Therefore, if the economy is moving away from routine and correct answers, as Pink suggests, than traditional educational models consisting of standardized tests may not be properly preparing our students for the business world they will inherit. They may instead only be developing left-brain abilities. One hemisphere without the other is inferior and does not tap into a person’s potential. We need both sides of the brain and bodies to meet the needs of the future. Utilizing Drama as an instructional strategy in our education practices addresses Pink’s thesis of training learners to produce innovative and meaningful outcomes.
Hoetker (1969) argued that drama increased creativity, originality, sensitivity, fluency, flexibility, emotional stability, cooperation, and examination of moral attitudes; as well as contributed to the development of communication skills and appreciation of literature. He described drama as an effective method of: accommodating students whose learning styles are visual or kinesthetic; teaching critical skills; and producing aesthetic experiences with literature. McMaster (1998) developed nine efficacy areas for Drama in Education. They are:
- Students develop affect through drama. Drama creates motivation for students to participate and facilitates students’ responses in reading instruction.
- Dramatization is a source of scaffolding for emergent readers by providing rich background experiences for future reading.
- Dramatization leads students to develop symbolic representation, which is the same concept children require in order to understand the alphabetic principle.
- Dramatic activities provide students a meaningful environment where they can practice oral reading repeatedly to develop fluency.
- New vocabularies presented in dramatic context provide students opportunities to acquire meanings visually, orally, and kinesthetically.
- Drama helps students acquire the knowledge of word order, phrasing, and punctuation that contribute to the meaning of a written sentence.
- Drama activities help students read different forms of discourse, especially in familiarizing children with nonfiction.
- Students monitor their own comprehension in drama and develop effective reading strategies.
- Teachers can use drama as an assessment tool since it provides immediate feedback about students’ understanding of new reading materials.
Figure 3: Drama in Education
How will this help with globally changing environments?
Ensuring that education is meaningful can impact not only our personal worlds, but our public and environmental worlds as well. Drama not only relies on the ability of the learner to make sense of the world through their own experiences but through a conceptualized reorganization of the relationship of their position as it relates to others or the assigned task. This is the heart of Dorothy Heathcote’s work. An example of Heathcote’s practice is captured in a 1971 British Broadcasting Channel (BBC) documentary entitled, Three Looms Waiting. Here is the link of that documentary http://www.youtube.com/watch?v=f5jBNIEQrZs.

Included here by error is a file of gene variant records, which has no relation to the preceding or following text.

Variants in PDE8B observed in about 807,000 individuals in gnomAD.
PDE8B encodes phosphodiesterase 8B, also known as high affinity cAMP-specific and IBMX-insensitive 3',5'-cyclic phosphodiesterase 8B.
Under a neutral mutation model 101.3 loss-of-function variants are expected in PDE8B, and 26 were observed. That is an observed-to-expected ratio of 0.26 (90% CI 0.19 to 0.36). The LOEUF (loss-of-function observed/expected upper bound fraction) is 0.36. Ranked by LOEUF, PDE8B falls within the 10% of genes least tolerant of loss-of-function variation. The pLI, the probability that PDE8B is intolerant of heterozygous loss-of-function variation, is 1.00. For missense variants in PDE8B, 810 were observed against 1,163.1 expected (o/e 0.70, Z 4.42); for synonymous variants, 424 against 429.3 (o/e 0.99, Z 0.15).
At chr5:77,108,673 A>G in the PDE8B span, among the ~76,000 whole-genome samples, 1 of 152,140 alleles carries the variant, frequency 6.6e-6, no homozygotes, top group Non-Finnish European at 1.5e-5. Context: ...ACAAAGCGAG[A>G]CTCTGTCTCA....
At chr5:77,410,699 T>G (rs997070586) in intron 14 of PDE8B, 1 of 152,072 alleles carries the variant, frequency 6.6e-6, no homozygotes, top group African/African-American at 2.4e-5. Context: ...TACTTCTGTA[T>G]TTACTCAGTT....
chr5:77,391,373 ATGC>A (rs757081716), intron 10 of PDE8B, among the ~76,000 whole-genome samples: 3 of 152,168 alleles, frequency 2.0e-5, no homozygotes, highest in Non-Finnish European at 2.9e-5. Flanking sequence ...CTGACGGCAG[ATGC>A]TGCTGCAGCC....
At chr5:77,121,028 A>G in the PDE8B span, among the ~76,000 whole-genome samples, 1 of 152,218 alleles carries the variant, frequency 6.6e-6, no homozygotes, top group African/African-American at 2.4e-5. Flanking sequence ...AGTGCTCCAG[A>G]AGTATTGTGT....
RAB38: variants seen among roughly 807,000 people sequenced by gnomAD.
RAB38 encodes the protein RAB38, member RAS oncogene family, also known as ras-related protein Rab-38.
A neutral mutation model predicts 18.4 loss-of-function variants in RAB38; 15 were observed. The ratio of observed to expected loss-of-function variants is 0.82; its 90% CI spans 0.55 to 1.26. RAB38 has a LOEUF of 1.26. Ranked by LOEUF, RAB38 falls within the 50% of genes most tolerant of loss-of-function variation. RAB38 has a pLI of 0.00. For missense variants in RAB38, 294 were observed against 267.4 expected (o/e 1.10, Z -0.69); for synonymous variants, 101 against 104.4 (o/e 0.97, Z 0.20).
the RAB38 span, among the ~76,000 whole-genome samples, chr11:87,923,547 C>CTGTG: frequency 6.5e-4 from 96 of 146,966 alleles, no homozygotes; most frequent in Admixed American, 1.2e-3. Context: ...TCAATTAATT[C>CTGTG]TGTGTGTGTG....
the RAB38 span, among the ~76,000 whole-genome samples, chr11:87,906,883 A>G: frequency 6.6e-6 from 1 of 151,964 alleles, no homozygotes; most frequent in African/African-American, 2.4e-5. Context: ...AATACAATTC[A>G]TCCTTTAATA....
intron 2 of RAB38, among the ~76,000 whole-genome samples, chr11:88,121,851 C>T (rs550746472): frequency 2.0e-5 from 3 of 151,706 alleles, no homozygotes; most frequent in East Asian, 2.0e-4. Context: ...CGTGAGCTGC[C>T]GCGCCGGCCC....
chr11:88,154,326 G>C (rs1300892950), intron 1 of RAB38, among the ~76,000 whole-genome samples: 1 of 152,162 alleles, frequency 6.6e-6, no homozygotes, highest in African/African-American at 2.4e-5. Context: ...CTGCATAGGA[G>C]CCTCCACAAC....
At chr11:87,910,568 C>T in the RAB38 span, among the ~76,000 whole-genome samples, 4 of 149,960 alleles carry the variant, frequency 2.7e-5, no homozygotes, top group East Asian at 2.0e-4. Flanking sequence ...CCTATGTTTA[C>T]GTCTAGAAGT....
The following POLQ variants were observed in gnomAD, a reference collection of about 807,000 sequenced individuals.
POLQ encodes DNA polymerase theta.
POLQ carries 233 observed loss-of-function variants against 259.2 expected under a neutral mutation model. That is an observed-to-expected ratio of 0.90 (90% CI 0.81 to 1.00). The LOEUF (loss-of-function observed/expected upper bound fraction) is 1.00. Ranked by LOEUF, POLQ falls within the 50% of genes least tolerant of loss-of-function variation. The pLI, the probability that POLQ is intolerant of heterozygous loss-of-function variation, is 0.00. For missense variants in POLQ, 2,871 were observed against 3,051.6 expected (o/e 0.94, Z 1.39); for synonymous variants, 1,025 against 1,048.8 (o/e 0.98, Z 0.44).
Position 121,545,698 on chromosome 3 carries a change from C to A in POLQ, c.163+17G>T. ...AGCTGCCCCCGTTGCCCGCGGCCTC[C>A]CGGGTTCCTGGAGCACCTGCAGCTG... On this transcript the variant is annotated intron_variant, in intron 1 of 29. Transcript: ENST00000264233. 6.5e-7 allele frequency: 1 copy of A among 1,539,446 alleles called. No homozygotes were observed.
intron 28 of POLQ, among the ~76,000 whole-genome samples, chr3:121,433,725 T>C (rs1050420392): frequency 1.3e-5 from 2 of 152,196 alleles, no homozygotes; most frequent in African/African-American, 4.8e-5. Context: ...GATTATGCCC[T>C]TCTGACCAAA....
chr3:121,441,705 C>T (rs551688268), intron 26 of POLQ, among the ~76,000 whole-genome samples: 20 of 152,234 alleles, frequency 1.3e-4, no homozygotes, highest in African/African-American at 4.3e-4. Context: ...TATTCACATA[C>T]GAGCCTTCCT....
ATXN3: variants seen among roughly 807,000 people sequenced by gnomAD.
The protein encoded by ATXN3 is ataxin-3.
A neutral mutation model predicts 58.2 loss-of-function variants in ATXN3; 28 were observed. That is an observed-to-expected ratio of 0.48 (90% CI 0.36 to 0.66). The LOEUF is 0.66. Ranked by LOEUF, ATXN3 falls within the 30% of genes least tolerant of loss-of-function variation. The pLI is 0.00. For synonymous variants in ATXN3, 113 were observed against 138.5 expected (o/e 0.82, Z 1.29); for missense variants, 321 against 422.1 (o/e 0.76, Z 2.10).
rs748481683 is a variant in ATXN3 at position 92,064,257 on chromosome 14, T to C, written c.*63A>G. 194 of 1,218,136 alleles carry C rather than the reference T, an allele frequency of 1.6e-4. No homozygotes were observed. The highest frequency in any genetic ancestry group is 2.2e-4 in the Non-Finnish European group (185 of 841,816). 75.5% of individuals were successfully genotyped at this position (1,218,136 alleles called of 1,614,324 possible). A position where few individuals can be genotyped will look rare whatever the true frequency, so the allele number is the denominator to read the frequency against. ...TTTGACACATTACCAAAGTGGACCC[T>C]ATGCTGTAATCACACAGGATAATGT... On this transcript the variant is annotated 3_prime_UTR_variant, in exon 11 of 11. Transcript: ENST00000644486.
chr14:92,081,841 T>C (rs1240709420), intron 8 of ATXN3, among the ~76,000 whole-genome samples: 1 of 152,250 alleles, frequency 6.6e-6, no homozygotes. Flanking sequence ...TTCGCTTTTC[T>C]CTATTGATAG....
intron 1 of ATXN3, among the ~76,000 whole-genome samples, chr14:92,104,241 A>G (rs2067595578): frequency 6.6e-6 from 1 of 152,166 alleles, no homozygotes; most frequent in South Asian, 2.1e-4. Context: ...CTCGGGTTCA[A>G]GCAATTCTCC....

Thinking outside of a school context, there are examples of successful businesses that are currently working on analogous models of operation where the focus is on relationship, group culture and customer service. Tony Hsieh is the Chief Executive Officer (CEO) of zappos.com – an online shoe and clothing retailer. He is also the author of, Delivering Happiness: A Path to Profits, Passion, and Purpose (2011) where he chronicles the evolution of his trail blazing business philosophy and companies’ success story. Over time, Hsieh developed a set of company core values. He did this in collaboration with all of the Zappos staff. Here are the core values as viewed on the company’s website: http://about.zappos.com/jobs/why-work-zappos/core-values
- Deliver Wow through Service – differentiate yourself by doing things in an unconventional way and create an emotional impact on others.
- Embrace and Drive Change – expect and embrace constant change.
- Create Fun and a little weirdness – “being a little weird requires being a little innovative”. Embrace the unusual.
- Be adventurous, creative and open minded – Don’t be afraid to make mistakes and trust your gut instincts.
- Pursue Growth and Learning – understand that there is more potential in yourself than you realize.
- Build open and honest relationships with communication – “At the end of the day, it’s not what we say or do but how we make people feel that matters the most.”
- Build a positive team and family spirit – “We work together and play together, because our bonds go beyond the typical co-worker relationship.”
- Do more with less – Be creative and work to get more with less resources.
- Be passionate and determined – Have a positive and optimistic outlook and inspire those around you.
- Be humble – “We believe in a quiet confidence, as in the long run our character will speak for itself.”
What is striking about these core values is that they incorporate the educational tenants covered in this chapter and move them into a global and corporate context. It would be interesting to experiment with Zappos’ core values and implement them in an educational setting. What would happen if we used these core values to frame an entire school culture?